If we allow feelings of happiness, strength and success filled our mind, we shall bring happiness, strength and success to our family and friends.

With this objective in mind, Purity Learning is here to share “path to a balance life that leads happiness, strength and success” with others

Contact

Purity Learning
No.33-1, Jalan Puteri 5/7
Bandar Puteri
47100 Puchong
Selangor
Tel: 012-215 5511
Fax: 03-8065 2479

Brain Power Development



What kind of brain training could be defined as Brain Power Development?

Brain Power Development is a way of training that develop the whole brain cognitive skills. If you can utilize both of your brain, why would you want only part of your brain to be better? Wouldn’t you want to increase intelligence in your whole brain?


The Brain

The brain has two hemispheres, left and right.

Left hemisphere thinking is sequential, linear, logical, practical, mathematical, and time orientated.

Right hemisphere thinking is non-linear, intuitive, abstract, big-picture focused, creative, and space-oriented.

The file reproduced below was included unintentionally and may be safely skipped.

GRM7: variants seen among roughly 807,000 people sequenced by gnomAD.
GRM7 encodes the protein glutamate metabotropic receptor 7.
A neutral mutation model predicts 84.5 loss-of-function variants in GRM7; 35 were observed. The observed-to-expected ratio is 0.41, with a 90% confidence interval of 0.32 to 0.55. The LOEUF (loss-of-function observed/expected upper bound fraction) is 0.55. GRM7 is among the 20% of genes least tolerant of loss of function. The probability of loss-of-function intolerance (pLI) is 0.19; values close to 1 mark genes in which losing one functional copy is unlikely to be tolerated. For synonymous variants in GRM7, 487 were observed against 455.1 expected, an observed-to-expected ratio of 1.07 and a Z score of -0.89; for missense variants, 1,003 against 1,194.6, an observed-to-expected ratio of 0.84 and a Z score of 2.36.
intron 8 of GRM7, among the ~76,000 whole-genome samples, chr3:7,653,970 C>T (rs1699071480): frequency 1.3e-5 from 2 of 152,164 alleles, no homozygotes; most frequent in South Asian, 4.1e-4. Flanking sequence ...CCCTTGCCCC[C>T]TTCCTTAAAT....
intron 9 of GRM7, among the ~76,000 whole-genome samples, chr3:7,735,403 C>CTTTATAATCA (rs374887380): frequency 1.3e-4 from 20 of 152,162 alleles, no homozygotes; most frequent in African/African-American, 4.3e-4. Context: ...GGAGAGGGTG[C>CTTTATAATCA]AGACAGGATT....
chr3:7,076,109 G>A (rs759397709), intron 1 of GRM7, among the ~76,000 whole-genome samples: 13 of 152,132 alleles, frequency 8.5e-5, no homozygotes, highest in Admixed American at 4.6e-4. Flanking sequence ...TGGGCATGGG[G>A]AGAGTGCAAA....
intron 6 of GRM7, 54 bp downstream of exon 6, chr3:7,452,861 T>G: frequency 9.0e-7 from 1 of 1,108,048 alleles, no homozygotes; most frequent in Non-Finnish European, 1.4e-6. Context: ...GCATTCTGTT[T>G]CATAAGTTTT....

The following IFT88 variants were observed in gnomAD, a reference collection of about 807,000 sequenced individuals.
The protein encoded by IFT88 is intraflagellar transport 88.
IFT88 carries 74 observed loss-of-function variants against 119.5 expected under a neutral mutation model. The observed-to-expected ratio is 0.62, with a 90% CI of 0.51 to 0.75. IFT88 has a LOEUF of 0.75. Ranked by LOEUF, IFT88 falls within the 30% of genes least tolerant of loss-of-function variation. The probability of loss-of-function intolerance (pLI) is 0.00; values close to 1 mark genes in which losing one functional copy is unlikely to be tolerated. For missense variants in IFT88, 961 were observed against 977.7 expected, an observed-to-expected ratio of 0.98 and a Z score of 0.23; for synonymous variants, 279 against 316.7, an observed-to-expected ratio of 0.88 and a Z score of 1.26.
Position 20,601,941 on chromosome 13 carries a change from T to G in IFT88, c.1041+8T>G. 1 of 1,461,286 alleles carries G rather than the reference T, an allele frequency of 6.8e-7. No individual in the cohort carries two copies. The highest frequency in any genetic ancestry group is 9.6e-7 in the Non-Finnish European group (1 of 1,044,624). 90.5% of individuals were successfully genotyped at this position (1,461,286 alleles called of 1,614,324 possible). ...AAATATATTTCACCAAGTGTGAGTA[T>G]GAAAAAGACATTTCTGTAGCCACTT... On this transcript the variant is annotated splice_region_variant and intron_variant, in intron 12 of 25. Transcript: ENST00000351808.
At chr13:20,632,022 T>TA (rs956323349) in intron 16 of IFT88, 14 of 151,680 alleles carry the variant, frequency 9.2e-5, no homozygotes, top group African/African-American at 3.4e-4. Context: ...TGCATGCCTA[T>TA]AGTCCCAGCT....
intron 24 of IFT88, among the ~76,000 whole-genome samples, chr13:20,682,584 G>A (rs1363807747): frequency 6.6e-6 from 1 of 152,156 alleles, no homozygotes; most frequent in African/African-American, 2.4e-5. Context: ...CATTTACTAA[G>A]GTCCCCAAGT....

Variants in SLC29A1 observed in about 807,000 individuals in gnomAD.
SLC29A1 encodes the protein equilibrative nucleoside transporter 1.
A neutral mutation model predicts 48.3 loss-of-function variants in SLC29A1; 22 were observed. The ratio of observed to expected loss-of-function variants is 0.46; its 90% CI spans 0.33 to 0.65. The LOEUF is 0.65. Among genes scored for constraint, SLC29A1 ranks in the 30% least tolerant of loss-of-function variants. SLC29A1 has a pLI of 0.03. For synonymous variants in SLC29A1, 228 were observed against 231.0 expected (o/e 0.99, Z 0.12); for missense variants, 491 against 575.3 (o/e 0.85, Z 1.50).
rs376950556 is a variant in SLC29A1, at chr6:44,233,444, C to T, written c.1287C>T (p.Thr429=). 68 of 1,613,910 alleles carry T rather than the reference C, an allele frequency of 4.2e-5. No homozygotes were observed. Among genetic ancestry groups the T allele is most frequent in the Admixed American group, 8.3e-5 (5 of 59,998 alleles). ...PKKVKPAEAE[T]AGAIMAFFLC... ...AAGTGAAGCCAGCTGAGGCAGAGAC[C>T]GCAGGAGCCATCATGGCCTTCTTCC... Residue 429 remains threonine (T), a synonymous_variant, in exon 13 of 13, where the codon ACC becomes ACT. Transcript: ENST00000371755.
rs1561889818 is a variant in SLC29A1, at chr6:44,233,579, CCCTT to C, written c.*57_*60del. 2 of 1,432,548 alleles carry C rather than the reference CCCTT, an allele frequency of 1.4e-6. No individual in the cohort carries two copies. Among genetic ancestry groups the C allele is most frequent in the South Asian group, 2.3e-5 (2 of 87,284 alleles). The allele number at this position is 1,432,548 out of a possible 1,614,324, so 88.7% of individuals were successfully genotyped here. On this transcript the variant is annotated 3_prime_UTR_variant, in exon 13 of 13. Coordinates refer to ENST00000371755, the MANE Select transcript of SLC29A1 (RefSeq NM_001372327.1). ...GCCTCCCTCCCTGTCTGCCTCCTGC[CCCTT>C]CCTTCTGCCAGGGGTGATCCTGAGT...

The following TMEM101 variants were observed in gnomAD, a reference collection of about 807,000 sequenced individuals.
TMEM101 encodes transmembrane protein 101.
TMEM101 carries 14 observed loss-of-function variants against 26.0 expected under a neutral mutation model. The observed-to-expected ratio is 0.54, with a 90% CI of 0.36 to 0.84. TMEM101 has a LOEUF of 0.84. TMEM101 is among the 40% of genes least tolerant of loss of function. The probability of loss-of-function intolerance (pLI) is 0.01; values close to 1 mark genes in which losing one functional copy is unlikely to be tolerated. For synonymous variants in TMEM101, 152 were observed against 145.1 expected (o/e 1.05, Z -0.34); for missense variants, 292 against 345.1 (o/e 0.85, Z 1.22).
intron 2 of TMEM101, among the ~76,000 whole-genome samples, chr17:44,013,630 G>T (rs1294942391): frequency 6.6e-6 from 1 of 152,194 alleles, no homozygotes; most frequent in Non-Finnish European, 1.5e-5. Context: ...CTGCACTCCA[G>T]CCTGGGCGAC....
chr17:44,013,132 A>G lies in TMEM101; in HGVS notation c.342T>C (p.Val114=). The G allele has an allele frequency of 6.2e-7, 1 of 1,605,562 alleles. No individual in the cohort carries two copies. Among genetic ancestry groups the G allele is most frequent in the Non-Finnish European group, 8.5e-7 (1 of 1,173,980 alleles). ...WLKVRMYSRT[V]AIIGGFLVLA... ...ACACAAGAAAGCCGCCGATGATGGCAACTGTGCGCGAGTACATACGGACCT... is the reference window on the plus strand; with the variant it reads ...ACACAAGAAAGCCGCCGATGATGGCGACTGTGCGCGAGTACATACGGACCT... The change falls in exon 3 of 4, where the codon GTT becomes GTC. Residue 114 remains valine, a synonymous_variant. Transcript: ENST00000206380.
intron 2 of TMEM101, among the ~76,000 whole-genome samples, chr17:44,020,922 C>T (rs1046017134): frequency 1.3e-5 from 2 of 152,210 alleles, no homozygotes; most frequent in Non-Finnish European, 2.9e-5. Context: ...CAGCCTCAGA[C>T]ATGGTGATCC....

Most people use one hemisphere more than the other, creating an imbalance.

When both hemispheres of the brain begin to communicate and work in synchronization, it is called "whole brain synchronization".

Whole brain synchronization promotes electrical activity and energy patterns in the brain become more widespread throughout the brain instead of remaining confined to certain areas.

Research has indicated this type of "whole brain synchronization" is present in the brain at times of intense creativity, clarity and inspiration.

"Brain Power Development" is brain training that unleashed the power of both side of the brain.





Every brain needs an exercise. "Brain Power Development" training promotes exercise of the brain.


What is Brain Power Exercise?

Brain Power Exercise refers to movement of human body that improves neural activities. It develops physical coordination, agility and confidence through physical performance.

Physical bodies are part of the learning, and learning is not an isolated "brain" function yet it is associated with the physical body movements.

Every nerve and cell is a network contributing to the learning capability and intelligence, every movement of our bodies improve the development of the nerve cells in the brain.

Brain Power Exercises stimulate brain activities which could improve:







Class & Activities Schedule